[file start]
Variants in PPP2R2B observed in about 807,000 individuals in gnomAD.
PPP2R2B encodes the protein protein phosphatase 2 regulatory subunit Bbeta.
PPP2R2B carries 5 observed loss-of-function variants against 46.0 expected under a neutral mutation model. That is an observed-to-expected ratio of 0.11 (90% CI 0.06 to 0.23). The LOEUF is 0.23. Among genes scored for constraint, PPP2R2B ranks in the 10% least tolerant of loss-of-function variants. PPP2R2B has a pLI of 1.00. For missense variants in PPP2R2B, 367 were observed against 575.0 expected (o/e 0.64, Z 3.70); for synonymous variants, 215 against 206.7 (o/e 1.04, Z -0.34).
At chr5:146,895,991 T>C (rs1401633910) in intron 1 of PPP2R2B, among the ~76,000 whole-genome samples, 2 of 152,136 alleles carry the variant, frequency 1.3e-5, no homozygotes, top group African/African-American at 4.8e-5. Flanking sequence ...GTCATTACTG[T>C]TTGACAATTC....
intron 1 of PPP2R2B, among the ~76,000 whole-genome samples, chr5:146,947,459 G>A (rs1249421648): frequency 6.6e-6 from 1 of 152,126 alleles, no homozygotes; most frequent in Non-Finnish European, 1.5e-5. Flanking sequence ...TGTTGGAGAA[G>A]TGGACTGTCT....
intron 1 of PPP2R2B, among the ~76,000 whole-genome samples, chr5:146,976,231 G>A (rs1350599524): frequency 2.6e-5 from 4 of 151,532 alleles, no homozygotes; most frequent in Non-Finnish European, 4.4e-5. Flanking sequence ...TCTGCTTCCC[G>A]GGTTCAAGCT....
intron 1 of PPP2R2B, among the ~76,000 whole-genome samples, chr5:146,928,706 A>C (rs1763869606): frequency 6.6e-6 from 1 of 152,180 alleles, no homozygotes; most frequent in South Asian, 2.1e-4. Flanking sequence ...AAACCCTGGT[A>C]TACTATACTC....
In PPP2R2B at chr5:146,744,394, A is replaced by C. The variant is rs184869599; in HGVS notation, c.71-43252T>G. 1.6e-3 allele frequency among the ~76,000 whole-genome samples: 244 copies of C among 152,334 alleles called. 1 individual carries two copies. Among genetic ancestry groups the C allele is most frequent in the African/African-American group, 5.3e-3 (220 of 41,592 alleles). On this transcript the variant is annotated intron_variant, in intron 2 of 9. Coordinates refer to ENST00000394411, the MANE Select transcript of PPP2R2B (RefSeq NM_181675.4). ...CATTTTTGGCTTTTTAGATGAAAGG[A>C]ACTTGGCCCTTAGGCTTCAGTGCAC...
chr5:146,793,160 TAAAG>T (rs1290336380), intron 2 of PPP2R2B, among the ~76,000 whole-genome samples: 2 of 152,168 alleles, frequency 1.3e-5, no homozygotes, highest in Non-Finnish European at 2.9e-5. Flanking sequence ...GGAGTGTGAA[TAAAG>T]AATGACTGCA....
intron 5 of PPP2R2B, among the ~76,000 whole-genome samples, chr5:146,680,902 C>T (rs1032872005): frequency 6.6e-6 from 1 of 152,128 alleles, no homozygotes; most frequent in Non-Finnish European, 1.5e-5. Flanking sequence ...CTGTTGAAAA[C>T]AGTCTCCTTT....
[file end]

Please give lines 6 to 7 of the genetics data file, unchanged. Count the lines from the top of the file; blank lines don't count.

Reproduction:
intron 1 of PPP2R2B, among the ~76,000 whole-genome samples, chr5:146,976,231 G>A (rs1350599524): frequency 2.6e-5 from 4 of 151,532 alleles, no homozygotes; most frequent in Non-Finnish European, 4.4e-5. Flanking sequence ...TCTGCTTCCC[G>A]GGTTCAAGCT....
intron 1 of PPP2R2B, among the ~76,000 whole-genome samples, chr5:146,928,706 A>C (rs1763869606): frequency 6.6e-6 from 1 of 152,180 alleles, no homozygotes; most frequent in South Asian, 2.1e-4. Flanking sequence ...AAACCCTGGT[A>C]TACTATACTC....